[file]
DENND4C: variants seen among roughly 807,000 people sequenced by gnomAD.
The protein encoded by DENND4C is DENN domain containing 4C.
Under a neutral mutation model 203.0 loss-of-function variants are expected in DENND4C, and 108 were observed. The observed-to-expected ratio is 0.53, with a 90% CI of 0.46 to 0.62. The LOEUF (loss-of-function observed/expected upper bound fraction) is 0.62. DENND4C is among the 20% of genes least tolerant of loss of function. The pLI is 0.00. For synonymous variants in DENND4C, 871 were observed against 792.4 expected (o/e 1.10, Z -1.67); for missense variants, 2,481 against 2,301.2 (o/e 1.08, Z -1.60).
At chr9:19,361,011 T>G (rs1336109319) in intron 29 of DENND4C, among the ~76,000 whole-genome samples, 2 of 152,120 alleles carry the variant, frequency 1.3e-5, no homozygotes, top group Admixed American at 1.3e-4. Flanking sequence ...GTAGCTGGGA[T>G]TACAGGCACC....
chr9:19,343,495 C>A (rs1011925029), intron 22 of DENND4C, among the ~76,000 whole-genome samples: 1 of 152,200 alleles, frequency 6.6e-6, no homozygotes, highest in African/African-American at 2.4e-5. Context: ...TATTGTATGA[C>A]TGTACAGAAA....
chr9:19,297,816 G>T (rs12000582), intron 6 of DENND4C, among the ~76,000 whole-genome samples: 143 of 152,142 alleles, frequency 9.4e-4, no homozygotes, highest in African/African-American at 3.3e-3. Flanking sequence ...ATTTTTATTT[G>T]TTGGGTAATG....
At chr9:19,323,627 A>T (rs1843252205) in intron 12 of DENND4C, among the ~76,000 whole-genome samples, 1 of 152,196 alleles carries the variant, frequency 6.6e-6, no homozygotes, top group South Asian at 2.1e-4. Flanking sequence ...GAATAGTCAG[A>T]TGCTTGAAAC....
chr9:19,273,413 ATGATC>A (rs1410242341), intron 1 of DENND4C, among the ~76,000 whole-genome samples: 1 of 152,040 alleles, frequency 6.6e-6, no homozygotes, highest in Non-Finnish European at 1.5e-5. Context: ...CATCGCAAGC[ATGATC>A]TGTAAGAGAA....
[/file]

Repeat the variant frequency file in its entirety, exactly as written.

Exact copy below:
DENND4C: variants seen among roughly 807,000 people sequenced by gnomAD.
The protein encoded by DENND4C is DENN domain containing 4C.
Under a neutral mutation model 203.0 loss-of-function variants are expected in DENND4C, and 108 were observed. The observed-to-expected ratio is 0.53, with a 90% CI of 0.46 to 0.62. The LOEUF (loss-of-function observed/expected upper bound fraction) is 0.62. DENND4C is among the 20% of genes least tolerant of loss of function. The pLI is 0.00. For synonymous variants in DENND4C, 871 were observed against 792.4 expected (o/e 1.10, Z -1.67); for missense variants, 2,481 against 2,301.2 (o/e 1.08, Z -1.60).
At chr9:19,361,011 T>G (rs1336109319) in intron 29 of DENND4C, among the ~76,000 whole-genome samples, 2 of 152,120 alleles carry the variant, frequency 1.3e-5, no homozygotes, top group Admixed American at 1.3e-4. Flanking sequence ...GTAGCTGGGA[T>G]TACAGGCACC....
chr9:19,343,495 C>A (rs1011925029), intron 22 of DENND4C, among the ~76,000 whole-genome samples: 1 of 152,200 alleles, frequency 6.6e-6, no homozygotes, highest in African/African-American at 2.4e-5. Context: ...TATTGTATGA[C>A]TGTACAGAAA....
chr9:19,297,816 G>T (rs12000582), intron 6 of DENND4C, among the ~76,000 whole-genome samples: 143 of 152,142 alleles, frequency 9.4e-4, no homozygotes, highest in African/African-American at 3.3e-3. Flanking sequence ...ATTTTTATTT[G>T]TTGGGTAATG....
At chr9:19,323,627 A>T (rs1843252205) in intron 12 of DENND4C, among the ~76,000 whole-genome samples, 1 of 152,196 alleles carries the variant, frequency 6.6e-6, no homozygotes, top group South Asian at 2.1e-4. Flanking sequence ...GAATAGTCAG[A>T]TGCTTGAAAC....
chr9:19,273,413 ATGATC>A (rs1410242341), intron 1 of DENND4C, among the ~76,000 whole-genome samples: 1 of 152,040 alleles, frequency 6.6e-6, no homozygotes, highest in Non-Finnish European at 1.5e-5. Context: ...CATCGCAAGC[ATGATC>A]TGTAAGAGAA....